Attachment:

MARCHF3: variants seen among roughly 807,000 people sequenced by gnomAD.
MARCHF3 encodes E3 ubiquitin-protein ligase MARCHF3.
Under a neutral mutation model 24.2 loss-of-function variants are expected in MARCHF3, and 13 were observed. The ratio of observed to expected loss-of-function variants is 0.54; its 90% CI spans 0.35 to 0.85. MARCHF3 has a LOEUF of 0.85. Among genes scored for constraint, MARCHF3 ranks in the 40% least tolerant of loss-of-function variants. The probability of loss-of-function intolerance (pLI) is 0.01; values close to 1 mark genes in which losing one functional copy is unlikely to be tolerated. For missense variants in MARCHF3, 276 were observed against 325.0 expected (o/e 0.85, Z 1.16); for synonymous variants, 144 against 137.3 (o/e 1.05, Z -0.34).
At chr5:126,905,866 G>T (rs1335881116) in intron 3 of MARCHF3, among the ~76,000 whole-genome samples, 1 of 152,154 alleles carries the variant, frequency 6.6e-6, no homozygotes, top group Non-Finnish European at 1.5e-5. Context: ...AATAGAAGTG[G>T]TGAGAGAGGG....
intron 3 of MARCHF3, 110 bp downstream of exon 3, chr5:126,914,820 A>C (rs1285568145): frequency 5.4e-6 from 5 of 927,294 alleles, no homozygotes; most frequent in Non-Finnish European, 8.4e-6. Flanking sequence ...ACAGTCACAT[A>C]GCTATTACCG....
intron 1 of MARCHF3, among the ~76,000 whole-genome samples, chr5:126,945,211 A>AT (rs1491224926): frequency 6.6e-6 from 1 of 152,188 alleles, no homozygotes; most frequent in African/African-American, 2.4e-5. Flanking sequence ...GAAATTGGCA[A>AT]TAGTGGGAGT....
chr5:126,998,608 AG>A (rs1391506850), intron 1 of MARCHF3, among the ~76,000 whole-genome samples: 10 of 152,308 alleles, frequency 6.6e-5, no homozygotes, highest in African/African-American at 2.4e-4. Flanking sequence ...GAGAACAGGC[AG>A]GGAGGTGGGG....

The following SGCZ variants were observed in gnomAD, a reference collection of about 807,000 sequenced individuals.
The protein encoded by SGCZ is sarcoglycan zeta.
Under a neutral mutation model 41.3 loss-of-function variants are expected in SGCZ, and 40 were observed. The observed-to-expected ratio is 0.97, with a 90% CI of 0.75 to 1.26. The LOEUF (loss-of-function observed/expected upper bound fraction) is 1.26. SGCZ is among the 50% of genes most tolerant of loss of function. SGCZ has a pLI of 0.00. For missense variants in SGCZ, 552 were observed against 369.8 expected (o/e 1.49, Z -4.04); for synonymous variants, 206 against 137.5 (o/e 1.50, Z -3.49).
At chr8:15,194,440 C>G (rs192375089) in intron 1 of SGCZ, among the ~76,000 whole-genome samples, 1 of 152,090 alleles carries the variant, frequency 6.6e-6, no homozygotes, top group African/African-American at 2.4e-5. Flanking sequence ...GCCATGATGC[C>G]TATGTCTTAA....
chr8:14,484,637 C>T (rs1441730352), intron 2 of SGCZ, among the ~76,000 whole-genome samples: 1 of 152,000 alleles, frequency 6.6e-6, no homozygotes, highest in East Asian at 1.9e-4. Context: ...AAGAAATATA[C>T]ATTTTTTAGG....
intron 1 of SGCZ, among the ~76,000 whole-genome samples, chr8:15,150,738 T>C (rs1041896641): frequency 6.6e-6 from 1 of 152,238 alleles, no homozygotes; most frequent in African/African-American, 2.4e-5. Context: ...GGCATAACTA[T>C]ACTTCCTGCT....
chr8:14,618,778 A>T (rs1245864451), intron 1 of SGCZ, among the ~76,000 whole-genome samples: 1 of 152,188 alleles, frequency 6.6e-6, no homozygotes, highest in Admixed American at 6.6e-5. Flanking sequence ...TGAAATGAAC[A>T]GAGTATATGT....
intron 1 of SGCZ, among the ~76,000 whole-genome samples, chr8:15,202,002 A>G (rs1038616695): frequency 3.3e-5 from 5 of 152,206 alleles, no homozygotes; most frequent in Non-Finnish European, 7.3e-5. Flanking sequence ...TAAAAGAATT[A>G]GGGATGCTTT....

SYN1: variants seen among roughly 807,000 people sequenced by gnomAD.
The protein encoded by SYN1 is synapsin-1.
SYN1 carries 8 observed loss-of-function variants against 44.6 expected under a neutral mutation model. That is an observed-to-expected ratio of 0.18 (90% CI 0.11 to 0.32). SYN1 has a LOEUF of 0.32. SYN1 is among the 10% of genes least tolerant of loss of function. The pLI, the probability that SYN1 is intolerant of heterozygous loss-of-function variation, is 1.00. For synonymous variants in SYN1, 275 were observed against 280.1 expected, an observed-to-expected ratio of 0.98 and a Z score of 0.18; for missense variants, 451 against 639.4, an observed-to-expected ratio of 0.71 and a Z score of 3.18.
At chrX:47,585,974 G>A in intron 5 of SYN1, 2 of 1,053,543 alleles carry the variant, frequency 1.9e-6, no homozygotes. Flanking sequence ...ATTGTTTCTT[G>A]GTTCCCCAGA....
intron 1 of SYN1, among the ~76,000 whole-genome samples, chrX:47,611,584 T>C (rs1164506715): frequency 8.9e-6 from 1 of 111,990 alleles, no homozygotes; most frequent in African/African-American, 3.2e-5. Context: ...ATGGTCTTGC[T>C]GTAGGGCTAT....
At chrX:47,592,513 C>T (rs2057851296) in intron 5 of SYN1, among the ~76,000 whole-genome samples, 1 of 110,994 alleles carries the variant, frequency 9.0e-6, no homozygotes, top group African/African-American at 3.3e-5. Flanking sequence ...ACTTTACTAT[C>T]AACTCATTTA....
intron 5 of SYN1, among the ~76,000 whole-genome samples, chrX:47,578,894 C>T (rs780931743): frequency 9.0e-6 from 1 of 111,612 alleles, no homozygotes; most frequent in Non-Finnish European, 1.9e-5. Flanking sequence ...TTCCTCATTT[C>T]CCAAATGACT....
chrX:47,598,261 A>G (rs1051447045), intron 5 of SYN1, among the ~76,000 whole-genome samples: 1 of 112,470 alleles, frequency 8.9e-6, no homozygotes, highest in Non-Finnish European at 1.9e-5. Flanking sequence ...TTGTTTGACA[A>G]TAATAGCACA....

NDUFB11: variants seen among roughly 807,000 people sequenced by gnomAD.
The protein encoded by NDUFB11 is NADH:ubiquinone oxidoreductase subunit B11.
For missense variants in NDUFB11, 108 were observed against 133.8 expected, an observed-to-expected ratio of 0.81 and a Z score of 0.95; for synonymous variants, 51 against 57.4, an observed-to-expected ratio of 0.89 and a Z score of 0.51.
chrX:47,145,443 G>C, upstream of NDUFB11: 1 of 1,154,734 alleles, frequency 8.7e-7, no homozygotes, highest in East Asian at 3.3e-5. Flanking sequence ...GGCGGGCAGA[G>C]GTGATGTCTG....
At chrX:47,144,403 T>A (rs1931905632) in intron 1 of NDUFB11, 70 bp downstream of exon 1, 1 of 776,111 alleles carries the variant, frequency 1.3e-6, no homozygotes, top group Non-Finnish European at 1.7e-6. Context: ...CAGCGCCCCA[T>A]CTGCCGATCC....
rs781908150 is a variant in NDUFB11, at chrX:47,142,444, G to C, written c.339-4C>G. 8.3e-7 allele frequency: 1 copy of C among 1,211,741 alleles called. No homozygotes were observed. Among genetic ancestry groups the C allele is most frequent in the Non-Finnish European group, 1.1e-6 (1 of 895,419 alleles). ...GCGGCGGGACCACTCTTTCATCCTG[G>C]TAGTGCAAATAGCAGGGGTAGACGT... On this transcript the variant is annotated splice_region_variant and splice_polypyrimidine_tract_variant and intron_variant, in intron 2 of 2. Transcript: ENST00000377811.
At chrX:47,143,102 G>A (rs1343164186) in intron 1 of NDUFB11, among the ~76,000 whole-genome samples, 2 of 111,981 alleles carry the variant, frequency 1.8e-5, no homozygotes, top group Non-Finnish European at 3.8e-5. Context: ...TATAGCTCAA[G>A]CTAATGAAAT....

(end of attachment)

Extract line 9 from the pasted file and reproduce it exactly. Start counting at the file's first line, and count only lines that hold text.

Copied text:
The protein encoded by SGCZ is sarcoglycan zeta.